The United Kingdom has implemented a law that will impact Nigerian students studying in the UK, restricting their ability to bring their families as dependents, unless there are specific circumstances involved.
This new law is part of the UK government's goal to reduce immigration into the country, which currently stands at about 1 million people in the year ending June 2022, which is an increase of 435 000 from the previous year.
The UK will now remove the permission for international students to switch from a student visa to a work visa before completing their studies, aiming to prevent the misuse of the visa system.
This change will take effect in January 2024, allowing students who are starting their courses in the UK time to plan and adapt to the new rules.
The decision to implement these stricter laws follows indications that the UK government plans to take measures to decrease the number of immigrants entering the country through the study route.
In a written statement, Suella Braverman, the Home Secretary stated that recent immigration figures had shown an "unexpected rise" in the number of dependents coming to the UK alongside international students.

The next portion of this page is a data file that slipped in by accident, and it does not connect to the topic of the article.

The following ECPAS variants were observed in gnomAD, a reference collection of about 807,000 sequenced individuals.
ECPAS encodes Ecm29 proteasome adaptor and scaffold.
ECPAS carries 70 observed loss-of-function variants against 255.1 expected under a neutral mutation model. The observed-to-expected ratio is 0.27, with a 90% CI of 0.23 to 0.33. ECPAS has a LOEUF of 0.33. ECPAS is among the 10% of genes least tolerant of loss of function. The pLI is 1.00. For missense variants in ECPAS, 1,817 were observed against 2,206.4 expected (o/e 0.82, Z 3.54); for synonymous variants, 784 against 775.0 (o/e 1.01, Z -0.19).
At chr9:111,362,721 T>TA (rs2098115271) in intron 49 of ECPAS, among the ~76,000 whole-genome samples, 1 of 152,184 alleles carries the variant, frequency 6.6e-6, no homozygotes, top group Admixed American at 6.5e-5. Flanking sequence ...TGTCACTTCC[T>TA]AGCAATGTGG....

Braverman also mentioned that the increase occurred after the government committed to lowering net migration.
According to Braverman, while international education plays an important role in supporting the economy, it should not be prioritised over the government's commitment to reduce overall migration.
Braverman further explained, "The package strikes the right balance between acting decisively on tackling net migration and protecting the economic benefits that students can bring to the UK."
According to the Office for National Statistics or ONS, the estimated net migration from June 2021 to June 2022 was over 500,000.
The Home Office emphasised that these new rules are not intended to compromise the government's commitment to reducing overall migration and ensuring that migration to the UK is highly skilled and provides the most benefit.
The proposal aims to allow the government to meet its International Education Strategy commitments while making a tangible contribution to reducing net migration to sustainable levels.
The Home Office also stated, "The proposals announced today do not detract from the success of the government's International Education Strategy, including meeting the target to host 600,000 international higher education students studying in the UK each year by 2030, for two years running."